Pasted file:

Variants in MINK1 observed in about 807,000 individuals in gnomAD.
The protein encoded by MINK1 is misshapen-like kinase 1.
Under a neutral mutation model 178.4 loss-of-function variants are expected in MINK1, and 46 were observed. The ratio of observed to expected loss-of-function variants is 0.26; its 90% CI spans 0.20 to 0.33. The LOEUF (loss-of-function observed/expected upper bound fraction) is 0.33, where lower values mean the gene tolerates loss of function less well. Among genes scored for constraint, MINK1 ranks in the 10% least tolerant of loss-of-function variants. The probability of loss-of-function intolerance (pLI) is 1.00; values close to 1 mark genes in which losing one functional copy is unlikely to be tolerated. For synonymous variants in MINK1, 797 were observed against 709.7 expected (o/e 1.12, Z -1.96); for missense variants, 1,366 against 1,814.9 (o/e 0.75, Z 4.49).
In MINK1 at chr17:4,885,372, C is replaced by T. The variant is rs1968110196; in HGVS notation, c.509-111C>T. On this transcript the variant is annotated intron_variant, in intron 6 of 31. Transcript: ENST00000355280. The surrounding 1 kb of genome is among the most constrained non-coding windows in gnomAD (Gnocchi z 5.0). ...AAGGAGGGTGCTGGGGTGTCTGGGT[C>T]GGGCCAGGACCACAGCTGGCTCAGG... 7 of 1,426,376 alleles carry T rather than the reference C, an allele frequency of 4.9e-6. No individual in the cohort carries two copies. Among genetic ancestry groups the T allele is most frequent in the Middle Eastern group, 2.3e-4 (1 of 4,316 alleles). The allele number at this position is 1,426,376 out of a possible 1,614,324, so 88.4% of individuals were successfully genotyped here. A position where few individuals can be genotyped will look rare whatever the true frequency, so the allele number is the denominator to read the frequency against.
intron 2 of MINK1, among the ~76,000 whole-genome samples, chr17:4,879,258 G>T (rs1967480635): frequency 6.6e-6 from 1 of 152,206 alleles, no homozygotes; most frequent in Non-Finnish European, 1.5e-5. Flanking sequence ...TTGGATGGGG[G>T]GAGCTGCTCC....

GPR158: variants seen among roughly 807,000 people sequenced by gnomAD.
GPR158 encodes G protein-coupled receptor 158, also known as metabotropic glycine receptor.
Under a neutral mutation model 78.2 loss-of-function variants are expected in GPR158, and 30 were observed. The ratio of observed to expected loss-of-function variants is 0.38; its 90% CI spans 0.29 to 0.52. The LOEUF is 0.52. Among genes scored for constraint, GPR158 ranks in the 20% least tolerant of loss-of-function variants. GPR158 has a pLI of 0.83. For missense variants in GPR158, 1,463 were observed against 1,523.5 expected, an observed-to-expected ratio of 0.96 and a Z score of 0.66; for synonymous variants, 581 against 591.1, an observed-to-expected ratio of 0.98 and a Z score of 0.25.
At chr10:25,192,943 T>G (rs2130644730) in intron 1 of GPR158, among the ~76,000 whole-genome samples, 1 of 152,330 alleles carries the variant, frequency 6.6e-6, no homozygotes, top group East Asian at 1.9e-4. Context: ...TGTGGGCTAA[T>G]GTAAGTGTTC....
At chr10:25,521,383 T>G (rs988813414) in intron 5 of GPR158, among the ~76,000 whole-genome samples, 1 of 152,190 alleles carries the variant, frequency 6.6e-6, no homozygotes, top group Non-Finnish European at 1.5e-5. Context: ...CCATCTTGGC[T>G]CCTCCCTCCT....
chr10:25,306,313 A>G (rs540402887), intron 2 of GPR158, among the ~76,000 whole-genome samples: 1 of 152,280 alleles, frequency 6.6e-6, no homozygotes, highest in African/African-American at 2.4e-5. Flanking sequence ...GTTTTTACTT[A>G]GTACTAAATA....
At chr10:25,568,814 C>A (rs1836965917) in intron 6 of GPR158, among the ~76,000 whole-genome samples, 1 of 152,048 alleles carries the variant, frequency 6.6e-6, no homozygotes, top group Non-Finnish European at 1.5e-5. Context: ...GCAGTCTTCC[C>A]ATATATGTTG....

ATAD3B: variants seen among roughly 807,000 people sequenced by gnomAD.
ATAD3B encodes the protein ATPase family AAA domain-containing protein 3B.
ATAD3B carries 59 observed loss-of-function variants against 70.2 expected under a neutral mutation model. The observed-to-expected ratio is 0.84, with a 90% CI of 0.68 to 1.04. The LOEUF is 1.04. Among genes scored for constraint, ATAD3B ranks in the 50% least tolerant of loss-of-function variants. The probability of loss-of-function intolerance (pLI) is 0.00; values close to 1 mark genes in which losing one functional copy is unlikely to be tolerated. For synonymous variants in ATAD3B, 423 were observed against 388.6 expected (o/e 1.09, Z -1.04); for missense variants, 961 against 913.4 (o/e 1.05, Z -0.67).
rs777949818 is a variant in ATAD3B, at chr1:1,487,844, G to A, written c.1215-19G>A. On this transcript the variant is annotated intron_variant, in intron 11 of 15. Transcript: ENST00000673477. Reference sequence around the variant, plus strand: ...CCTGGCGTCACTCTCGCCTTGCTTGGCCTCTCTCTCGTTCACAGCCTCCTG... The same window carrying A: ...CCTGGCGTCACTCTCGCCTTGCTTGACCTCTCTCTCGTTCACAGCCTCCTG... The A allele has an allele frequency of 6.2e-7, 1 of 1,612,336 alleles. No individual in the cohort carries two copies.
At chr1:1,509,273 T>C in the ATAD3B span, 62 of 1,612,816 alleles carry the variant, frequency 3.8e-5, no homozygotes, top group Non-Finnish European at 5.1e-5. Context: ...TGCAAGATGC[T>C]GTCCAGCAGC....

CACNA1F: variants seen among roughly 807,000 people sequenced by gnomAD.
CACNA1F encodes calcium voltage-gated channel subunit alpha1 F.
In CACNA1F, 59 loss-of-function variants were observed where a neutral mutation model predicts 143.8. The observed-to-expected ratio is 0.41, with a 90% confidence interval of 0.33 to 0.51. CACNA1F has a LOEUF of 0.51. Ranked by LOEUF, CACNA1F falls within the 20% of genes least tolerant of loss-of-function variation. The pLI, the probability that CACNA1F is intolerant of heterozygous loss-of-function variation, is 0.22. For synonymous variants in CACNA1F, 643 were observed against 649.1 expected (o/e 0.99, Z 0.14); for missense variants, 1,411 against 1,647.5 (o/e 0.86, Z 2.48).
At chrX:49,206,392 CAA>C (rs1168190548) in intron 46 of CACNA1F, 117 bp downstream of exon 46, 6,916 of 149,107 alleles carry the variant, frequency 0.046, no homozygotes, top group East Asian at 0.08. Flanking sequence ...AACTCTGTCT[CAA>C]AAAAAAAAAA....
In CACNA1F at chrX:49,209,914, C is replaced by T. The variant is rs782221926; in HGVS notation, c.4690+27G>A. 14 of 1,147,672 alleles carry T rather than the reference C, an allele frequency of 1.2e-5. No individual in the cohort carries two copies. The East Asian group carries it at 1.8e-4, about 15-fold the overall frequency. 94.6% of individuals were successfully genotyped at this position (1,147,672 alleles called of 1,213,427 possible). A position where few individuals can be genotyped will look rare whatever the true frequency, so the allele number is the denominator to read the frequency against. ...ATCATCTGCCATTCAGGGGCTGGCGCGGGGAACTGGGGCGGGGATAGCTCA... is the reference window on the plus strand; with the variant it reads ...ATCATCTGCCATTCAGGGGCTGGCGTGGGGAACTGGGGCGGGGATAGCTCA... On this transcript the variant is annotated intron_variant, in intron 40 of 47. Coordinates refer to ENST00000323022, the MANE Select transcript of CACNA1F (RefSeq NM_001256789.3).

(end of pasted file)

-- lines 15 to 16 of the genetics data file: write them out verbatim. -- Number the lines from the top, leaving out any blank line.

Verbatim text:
ATAD3B carries 59 observed loss-of-function variants against 70.2 expected under a neutral mutation model. The observed-to-expected ratio is 0.84, with a 90% CI of 0.68 to 1.04. The LOEUF is 1.04. Among genes scored for constraint, ATAD3B ranks in the 50% least tolerant of loss-of-function variants. The probability of loss-of-function intolerance (pLI) is 0.00; values close to 1 mark genes in which losing one functional copy is unlikely to be tolerated. For synonymous variants in ATAD3B, 423 were observed against 388.6 expected (o/e 1.09, Z -1.04); for missense variants, 961 against 913.4 (o/e 1.05, Z -0.67).
rs777949818 is a variant in ATAD3B, at chr1:1,487,844, G to A, written c.1215-19G>A. On this transcript the variant is annotated intron_variant, in intron 11 of 15. Transcript: ENST00000673477. Reference sequence around the variant, plus strand: ...CCTGGCGTCACTCTCGCCTTGCTTGGCCTCTCTCTCGTTCACAGCCTCCTG... The same window carrying A: ...CCTGGCGTCACTCTCGCCTTGCTTGACCTCTCTCTCGTTCACAGCCTCCTG... The A allele has an allele frequency of 6.2e-7, 1 of 1,612,336 alleles. No individual in the cohort carries two copies.